Teilhard returned to China, this time to Peking, a stimulating and cosmopolitan center where he enjoyed a circle of friends and professional colleagues that included scientists from all over the world. In 1926-1927 he wrote The Divine Milieu (1960), one of his best-known works. In 1928 he made two important paleontological expeditions into Mongolia. He later traveled in India and visited the United States several times. Teilhard returned briefly to China in 1934 and 1938, settling once again in Peking just before World War II broke out in 1939. The Japanese had occupied North China, and the Europeans and Americans in the region were isolated for the duration of the war. From 1938 to 1940 Teilhard wrote his major work, The Phenomenon of Man (1959).
In 1946 Teilhard returned briefly to France. He suffered a severe heart attack just before leaving on an expedition to South Africa, and he had to postpone the trip for 2 years. In 1949 he wrote Man's Place in Nature (1966), perhaps the best succinct introduction to the ideas more fully expressed in The Phenomenon of Man. In 1951 Teilhard was elected to the Académie des Sciences and went to live in New York City as a member of the Wenner Gren Foundation, where he devoted himself to anthropological studies. He returned to France only one more time in his long ecclesiastically imposed exile, in 1954. At that time new restrictions were imposed on him by his superiors. He died in New York City on Easter Sunday, 1955.
In addition to the writings mentioned, other important works by Teilhard in English include The Future of Man (1964), Building of the Earth (1965), The Appearance of Man (1966), The Vision of the Past (1966), and Science and Christ (1969). He ranks as one of the three or four most decisive influences in contemporary Christian theology. His thought was a significant new bridge between religion and science and between Christianity and the life and politics of modern man. His theory of cosmic evolution restored man to a central role in the universe, and his notion of human consciousness as evolving toward greater unification gave new optimism to spokesmen for social change.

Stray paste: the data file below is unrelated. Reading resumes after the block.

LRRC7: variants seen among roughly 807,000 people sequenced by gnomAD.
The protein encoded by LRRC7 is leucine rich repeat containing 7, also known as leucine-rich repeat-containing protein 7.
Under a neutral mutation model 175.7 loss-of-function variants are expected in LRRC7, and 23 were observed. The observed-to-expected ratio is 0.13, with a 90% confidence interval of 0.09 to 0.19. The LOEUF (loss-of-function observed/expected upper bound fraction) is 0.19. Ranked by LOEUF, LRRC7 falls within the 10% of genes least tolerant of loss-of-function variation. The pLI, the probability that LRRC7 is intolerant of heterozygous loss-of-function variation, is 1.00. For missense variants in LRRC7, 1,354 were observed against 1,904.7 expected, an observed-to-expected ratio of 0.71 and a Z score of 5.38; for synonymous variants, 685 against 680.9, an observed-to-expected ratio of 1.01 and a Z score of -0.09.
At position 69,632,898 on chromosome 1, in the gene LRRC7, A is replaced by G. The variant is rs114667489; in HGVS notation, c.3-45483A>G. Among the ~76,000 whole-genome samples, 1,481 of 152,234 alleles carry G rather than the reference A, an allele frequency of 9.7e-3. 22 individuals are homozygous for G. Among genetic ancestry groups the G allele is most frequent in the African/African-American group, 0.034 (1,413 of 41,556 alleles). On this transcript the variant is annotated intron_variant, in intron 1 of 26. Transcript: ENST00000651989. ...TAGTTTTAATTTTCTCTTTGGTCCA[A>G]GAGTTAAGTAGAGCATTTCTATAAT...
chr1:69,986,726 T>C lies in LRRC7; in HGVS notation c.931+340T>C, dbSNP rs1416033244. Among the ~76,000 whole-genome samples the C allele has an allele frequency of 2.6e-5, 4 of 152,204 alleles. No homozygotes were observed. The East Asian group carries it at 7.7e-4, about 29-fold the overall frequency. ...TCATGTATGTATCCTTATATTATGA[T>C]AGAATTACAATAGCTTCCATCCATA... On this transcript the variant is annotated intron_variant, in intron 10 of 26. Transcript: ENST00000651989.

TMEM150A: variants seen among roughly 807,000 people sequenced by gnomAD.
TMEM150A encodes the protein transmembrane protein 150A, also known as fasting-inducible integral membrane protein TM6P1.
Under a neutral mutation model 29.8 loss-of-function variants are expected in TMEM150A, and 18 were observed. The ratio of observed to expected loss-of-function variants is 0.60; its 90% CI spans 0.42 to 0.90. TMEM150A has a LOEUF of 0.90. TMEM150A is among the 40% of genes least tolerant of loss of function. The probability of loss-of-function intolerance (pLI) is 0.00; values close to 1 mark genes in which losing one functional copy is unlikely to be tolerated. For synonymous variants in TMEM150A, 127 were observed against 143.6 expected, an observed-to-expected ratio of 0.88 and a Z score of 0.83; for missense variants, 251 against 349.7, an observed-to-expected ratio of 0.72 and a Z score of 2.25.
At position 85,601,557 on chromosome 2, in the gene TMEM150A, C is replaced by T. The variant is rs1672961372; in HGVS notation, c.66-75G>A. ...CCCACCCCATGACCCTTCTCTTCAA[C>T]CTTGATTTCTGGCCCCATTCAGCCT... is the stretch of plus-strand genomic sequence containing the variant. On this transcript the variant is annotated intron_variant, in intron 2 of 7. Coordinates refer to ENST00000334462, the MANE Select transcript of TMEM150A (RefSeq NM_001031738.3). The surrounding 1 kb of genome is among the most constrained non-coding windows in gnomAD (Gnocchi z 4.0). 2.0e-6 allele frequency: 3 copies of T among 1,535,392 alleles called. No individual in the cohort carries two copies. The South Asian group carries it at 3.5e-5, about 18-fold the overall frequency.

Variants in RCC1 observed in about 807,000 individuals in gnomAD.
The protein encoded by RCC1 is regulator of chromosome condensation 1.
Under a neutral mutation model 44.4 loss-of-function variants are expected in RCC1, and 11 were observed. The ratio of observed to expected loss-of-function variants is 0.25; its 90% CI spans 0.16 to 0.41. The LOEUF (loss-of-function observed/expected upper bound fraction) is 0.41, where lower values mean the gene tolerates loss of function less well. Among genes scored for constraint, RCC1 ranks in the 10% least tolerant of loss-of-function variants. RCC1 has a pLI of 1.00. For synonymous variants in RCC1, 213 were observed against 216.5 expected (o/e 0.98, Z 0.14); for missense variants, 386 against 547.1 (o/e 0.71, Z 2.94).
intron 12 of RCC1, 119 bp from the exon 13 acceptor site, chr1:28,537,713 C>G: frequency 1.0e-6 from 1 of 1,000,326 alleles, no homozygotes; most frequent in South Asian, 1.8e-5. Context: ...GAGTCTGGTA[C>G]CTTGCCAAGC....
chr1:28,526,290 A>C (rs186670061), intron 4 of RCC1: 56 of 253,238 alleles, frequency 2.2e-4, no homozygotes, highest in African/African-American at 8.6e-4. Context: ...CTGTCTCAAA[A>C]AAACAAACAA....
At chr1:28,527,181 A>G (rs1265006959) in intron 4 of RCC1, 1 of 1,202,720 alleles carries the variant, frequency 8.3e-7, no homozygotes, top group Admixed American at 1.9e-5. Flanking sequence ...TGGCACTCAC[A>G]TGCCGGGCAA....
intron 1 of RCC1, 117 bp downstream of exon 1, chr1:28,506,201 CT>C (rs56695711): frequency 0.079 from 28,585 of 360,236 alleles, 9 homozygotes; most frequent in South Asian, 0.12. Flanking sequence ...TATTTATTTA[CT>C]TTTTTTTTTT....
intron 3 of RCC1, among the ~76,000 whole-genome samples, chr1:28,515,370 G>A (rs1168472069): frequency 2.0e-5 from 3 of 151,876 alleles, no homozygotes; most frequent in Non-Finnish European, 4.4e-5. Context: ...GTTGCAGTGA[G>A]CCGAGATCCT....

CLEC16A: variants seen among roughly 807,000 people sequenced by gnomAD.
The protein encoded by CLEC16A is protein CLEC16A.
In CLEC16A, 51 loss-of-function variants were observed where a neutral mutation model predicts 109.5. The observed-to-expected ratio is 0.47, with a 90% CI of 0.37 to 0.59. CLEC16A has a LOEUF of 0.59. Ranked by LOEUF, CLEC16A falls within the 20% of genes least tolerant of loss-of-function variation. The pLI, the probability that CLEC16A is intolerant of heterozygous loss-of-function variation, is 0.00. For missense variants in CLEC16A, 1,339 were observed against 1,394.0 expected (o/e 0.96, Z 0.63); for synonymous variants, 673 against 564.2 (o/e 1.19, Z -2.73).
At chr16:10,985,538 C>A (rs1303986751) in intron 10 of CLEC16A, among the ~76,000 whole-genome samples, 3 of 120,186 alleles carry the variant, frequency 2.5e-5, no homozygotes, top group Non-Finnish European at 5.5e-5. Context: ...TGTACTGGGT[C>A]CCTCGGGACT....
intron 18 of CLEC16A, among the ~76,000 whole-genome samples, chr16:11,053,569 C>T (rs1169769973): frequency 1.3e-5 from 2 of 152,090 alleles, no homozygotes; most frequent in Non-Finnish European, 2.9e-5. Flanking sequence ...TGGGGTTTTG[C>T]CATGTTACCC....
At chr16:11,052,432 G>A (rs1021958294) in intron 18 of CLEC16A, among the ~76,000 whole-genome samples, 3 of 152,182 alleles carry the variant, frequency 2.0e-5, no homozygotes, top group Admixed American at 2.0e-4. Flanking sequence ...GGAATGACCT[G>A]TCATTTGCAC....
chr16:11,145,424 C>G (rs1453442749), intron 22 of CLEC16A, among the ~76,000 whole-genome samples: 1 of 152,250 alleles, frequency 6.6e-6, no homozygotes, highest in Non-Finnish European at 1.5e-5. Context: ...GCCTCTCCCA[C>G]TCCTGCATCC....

His friend Père Pierre LeRoy said of Teilhard: "His own faith was in the invincible power of love: men hurt one another by not loving one another. And this was not naiveté but the goodness of the man, for he was good beyond the common measure."
The literature on Teilhard and his thought which has appeared in the short time since his death is enormous, and the Teilhard societies that have grown up around the world assure the appearance of much more. The most complete biographies in English are Claude Cuénot, Teilhard de Chardin: A Biographical Study (1965), and Robert Speaight, Teilhard de Chardin: A Biography (1967). Recommended studies of Teilhard's thought are Henri de Lubac, Teilhard de Chardin: The Man and His Meaning (1965); Christopher F. Mooney, Teilhard de Chardin and the Mystery of Christ (1966); and Philip J. Hefner, The Promise of Teilhard (1970).
Carles, Jules, Teilhard de Chardin, Paris: Centurion, 1991.
Grim, John, Teilhard de Chardin: a short biography, Chambersburg, PA: Published for the American Teilhard Association for the Future of Man by ANIMA Books, 1984.
King, Ursula, Spirit of fire: the life and vision of Teilhard de Chardin, Maryknoll, N.Y.: Orbis Books, 1996.
Knight, Alice Valle, The meaning of Teilhard de Chardin; a prime, Old Greenwich Conn. Devin-Adair Co. 1974.
Lukas, Mary, Teilhard, New York: McGraw-Hill, 1981.